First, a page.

Achieving Call Center Success in the Era of Hybrid Work
David Sudbey, President & Chief Customer Officer at Cogito Corp
Call centers everywhere are experiencing a significant change as hybrid work becomes increasingly popular — a shift fueled by the complexities of remote work, emotionally draining conversations and emerging workplace technologies with lofty promises. As the workplace evolves, leaders across call center organizations must be prepared to shift their own approaches to meet the complex requirements of hybrid work.
With the infrastructure to support remote operations in place from the last 15+ months, many call centers are considering continuing to offer the flexibility remote work presents to keep pace with the changing workplace expectations and competitive dynamics. In fact, splitting time between the office and home is expected to become our new normal thanks to many becoming accustomed to working remotely, in addition to those who have been recruited and hired as permanent remote employees, as confirmed by a recent PwC report.
For today’s call center leaders, it’s important to acknowledge that this shift in work requires a shift in leadership. With agents in and out of the office, establishing a baseline for support is imperative as it’s seldom a one-size-fits-all approach. Here’s how leaders can take the lessons learned over the past year and a half and apply them to the new era of hybrid work in the call center, ensuring that individual agent needs are continually met and coaching support doesn’t turn on or off depending on the agent's location.
Calling Attention to Agents’ Overwhelmed State
Let’s face it: agents are overwhelmed and have been for quite some time. By analyzing 23 million calls from leading healthcare and insurance companies from December 2019 to December 2020, Cogito’s data science team found that customer experience took a big hit following the pandemic-led shift to remote work.
The data highlighted a 19 percent increase in the number of call prompts nudging agents to respond to customers more quickly. It also showed a 23 percent increase in notifications for dead air time—which detects the dreaded, long silences on calls. All in all, customer experience decreased with global customer experience scores dipping by just over 2 percent. And we’re not the only ones who found similar findings.
While it’s widely accepted that customer support functions are at a higher risk of burnout during a crisis, it’s astonishing that another study found that the majority (74 percent) of call center agents are at risk for burnout. And 30 percent of those agents are at an even higher risk of severe burnout. It’s due time leaders put a larger emphasis on supporting agents in and out of the workplace as we enter the next phase of work.
Leading with Empathy and Flexibility
As leaders put a larger emphasis on supporting agents, the combination of empathy and flexibility pays off for short- and long-term success in attracting and retaining employees.
Empathic enterprises — purpose-driven organizations that prioritize the well-being of its customers and employees by infusing emotional intelligence throughout its operations — standout amid the work shifts grasping industries everywhere. Earlier this month, the U.S. Chamber of Commerce released the American Works Report, revealing that there are approximately half as many available workers for every open job (1.4 available workers/opening) across the country.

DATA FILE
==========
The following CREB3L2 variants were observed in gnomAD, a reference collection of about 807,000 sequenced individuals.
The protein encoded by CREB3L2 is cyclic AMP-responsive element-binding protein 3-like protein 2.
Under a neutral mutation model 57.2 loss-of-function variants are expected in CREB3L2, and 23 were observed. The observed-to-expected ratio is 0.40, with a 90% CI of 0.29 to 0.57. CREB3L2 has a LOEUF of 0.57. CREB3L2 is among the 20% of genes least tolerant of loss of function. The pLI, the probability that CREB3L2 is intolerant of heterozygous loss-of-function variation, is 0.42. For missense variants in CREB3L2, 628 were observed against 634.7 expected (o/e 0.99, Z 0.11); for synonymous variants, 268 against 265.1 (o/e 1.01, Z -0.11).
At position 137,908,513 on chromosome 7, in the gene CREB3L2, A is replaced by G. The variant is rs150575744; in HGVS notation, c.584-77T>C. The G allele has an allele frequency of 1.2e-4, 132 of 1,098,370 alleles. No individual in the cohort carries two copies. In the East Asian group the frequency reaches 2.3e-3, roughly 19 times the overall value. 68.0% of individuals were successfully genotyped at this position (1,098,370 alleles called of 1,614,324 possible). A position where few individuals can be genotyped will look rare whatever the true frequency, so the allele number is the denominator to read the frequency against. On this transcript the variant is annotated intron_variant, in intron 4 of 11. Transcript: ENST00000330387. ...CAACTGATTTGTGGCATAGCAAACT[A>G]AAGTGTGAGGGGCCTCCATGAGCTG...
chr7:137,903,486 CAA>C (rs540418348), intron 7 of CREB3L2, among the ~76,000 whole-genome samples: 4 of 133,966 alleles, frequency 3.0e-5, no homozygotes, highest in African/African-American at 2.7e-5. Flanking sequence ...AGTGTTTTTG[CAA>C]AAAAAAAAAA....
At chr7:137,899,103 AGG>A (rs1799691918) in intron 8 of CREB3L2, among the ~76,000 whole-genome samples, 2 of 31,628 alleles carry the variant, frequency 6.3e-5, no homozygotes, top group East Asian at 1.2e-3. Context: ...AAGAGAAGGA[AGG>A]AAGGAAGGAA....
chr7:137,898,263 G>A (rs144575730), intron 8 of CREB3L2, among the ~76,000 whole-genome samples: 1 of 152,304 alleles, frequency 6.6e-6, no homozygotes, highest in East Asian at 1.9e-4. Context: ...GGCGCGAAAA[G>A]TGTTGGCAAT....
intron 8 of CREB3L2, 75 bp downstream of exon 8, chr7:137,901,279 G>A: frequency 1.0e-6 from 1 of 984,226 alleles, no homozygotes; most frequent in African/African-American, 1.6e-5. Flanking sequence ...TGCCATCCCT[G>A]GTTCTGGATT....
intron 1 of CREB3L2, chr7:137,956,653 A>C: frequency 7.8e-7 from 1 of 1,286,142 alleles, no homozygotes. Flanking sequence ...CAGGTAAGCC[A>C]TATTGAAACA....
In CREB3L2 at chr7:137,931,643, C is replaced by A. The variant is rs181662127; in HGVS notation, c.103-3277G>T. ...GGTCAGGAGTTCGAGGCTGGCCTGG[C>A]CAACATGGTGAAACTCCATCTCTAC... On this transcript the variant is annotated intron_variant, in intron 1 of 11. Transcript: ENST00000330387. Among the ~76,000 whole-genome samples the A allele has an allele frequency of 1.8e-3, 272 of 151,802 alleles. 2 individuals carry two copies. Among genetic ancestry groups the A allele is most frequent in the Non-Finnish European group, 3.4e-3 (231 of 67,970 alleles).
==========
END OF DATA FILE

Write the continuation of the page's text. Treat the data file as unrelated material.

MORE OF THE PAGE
There has never been a more important time to lead with an empathy-first approach to coaching in today’s candidate-first job market. Taking into consideration each agent’s unique needs, schedule and time zones, flexibility plays a paramount role in keeping turnover low. Not to mention, the critical shortage of skilled workers will undoubtedly impact nearly all levels of the call center — an industry notoriously known for high turnover, some reporting 30-45 percent turnover according to the Quality Assurance and Training Connection. By embracing empathy and flexibility, leaders can adapt to the changing times and avoid the uncertainty that fewer staff on the line may bring.
Adopting a Remote-First Mindset
While virtual call centers offer the benefits of a wider talent pool, lower upfront costs and the potential for increased employee wellness, it also carries critical disadvantages that can stifle productivity and negatively impact the customer experience. For instance, as many employees working from home can relate, communication is far more challenging outside of an office environment.
This issue carries over to hybrid environments. Consider, it’s likely that entire teams will not be able to reap the benefits of sharing an office where they can pop by each other's desks to ask a quick question or walk through training or coaching sessions in-person.
With this in mind, call center leaders must aim to level the field for those in and out of the office and consider taking a “remote-first” mindset where business operations closely mirror those of a fully remote company.
As we continue to adopt hybrid work models, call center leaders must reevaluate their approach to leadership while bearing in mind the power empathic and flexible leadership offers. All call center agents — no matter their workplace location — deserve the same access to the resources and support they need to improve their ability to interact with customers with confidence. This level of access and support will enable agents to deliver great human centered customer experiences; the key component in driving long-term success for call center agents in the era of hybrid work.